• Enjoy a weekly Sabbath. God created and commanded the Sabbath for many reasons, but one of them is as a gift to His children – a gift of time set aside to reconnect with Him – to become fully grounded before facing the world for another week. Read more about the Sabbath and the joy of keeping it in my series of blogs that start with this one.

For me, the above three activities are non-negotiable for staying grounded in God. Do I miss reading my Bible some days? Yes. Do I miss church some weeks? Yes. Do enjoy a weekly Sabbath every week? No. I’m not perfect in anything yet. Still, I protect each of those activities pretty fiercely, committing to them even when it’s inconvenient or I just plain don’t feel like it. Because God is faithful and will meet us when we make the sacrifice to meet with Him.

So, friends, I ask again: what is it that grounds you? Is God in the mix? Does He play a prominent enough role in your grounding routines? Let me encourage you to find those things that ground you, and especially those things that connect you to God, and make them part of your routine. Then fiercely guard those routines. Because life without grounding isn’t pretty or fun!

Symptoms that you need more grounding:

  • Impatience – When I’m in the car and all the drivers around me seem to be out to get me or determined to make me late, I need more grounding.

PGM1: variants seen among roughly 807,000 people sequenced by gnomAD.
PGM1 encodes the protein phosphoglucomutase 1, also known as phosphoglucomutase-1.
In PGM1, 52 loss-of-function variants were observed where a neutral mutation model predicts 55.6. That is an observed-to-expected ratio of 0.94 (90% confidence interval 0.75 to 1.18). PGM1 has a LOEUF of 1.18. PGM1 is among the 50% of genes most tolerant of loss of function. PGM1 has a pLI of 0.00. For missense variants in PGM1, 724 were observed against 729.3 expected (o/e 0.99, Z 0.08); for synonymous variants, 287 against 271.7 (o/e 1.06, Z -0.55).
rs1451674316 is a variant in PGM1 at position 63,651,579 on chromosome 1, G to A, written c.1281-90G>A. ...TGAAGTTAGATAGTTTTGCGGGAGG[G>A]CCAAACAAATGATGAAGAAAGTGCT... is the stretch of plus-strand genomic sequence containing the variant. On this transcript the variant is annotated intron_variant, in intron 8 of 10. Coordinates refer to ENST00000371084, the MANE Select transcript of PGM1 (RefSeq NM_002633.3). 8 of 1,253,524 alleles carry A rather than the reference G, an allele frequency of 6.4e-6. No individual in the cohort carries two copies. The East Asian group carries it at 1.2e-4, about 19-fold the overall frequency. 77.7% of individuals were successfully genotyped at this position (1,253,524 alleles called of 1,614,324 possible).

• Quick to become annoyed or angry – When clients call with routine inquires and I get annoyed, I need more grounding.
  • Always tired – When everything seems a chore because I’m just so tired, I need more grounding. (You might think it’s sleep that I need – it is – and when I’m well grounded, I sleep well.)
  • Lacking in creativity – When I have no solutions to the challenges of life, I need more grounding. It means I’m just going through the emotions and grounding dissipates the negative energy and infuses us with positive energy. Positive energy brings creativity.
  • Seeking escape – When all I can think about is getting away or vegging in front of the television after work, I need more grounding. Grounding is our escape and takes away the need for an escape.
  • Always making excuses – That’s called sin. “The woman you gave me caused me to do it.” Those were Adam’s words to God after he also ate the fruit of the tree. He was blaming both his wife and God with that single statement. When I am well grounded, I am able to call sin “sin.” I am able to confess my sin to God and others and enjoy forgiveness and freedom.